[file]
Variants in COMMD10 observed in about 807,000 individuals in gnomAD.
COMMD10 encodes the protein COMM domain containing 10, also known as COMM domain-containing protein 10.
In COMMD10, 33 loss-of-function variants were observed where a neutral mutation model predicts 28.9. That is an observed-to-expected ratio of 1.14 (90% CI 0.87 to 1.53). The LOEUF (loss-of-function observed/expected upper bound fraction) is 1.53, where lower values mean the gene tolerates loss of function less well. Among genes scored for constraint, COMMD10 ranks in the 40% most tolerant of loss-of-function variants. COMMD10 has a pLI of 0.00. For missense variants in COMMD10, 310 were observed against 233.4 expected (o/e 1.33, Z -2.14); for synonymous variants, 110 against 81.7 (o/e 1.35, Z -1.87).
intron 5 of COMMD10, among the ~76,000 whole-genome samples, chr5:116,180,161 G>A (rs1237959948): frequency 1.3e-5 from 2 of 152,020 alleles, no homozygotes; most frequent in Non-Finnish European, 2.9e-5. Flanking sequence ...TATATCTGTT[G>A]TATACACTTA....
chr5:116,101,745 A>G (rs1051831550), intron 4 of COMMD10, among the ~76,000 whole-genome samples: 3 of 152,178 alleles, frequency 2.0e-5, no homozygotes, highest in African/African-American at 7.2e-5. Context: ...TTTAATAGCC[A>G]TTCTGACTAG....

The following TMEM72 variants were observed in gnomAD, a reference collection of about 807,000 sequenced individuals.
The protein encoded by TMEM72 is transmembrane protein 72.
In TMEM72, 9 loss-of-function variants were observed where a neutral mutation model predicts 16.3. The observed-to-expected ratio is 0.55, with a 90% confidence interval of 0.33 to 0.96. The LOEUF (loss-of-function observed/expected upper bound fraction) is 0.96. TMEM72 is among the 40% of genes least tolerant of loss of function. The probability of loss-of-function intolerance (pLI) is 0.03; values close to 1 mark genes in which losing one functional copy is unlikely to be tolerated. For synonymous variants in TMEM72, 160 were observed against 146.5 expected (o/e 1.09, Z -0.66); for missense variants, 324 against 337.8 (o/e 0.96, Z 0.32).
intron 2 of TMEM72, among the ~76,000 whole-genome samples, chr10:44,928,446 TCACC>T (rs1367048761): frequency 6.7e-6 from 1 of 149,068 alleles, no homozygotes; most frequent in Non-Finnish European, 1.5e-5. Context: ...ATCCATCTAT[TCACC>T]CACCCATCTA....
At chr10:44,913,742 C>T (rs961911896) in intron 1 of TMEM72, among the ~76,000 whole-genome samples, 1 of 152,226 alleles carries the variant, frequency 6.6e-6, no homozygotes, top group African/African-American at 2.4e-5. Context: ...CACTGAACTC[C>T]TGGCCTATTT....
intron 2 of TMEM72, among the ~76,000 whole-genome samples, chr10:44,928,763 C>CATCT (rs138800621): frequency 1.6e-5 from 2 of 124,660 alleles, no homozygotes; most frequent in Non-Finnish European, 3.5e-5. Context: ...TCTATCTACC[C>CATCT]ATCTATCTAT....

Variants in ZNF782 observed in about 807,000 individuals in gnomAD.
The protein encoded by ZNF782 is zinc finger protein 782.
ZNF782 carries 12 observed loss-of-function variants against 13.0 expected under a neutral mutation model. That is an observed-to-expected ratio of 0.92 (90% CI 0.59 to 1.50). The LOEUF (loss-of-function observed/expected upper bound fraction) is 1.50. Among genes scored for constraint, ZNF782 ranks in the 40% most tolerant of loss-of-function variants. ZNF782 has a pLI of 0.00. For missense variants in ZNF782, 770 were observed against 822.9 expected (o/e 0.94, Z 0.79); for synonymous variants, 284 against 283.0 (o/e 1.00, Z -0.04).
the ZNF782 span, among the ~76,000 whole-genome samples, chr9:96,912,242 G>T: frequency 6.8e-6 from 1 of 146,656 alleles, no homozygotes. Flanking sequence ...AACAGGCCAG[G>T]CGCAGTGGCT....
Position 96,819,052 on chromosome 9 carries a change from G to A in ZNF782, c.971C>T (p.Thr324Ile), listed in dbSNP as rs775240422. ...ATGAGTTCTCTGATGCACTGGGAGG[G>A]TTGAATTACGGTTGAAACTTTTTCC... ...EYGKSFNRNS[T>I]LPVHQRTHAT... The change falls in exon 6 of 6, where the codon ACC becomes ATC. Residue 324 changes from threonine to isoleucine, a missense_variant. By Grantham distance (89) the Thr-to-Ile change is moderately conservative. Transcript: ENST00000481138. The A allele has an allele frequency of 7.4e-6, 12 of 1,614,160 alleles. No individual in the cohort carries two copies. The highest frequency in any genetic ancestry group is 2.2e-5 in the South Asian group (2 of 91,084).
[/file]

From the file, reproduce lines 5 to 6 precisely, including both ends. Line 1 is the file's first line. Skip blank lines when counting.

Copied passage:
chr5:116,101,745 A>G (rs1051831550), intron 4 of COMMD10, among the ~76,000 whole-genome samples: 3 of 152,178 alleles, frequency 2.0e-5, no homozygotes, highest in African/African-American at 7.2e-5. Context: ...TTTAATAGCC[A>G]TTCTGACTAG....

The following TMEM72 variants were observed in gnomAD, a reference collection of about 807,000 sequenced individuals.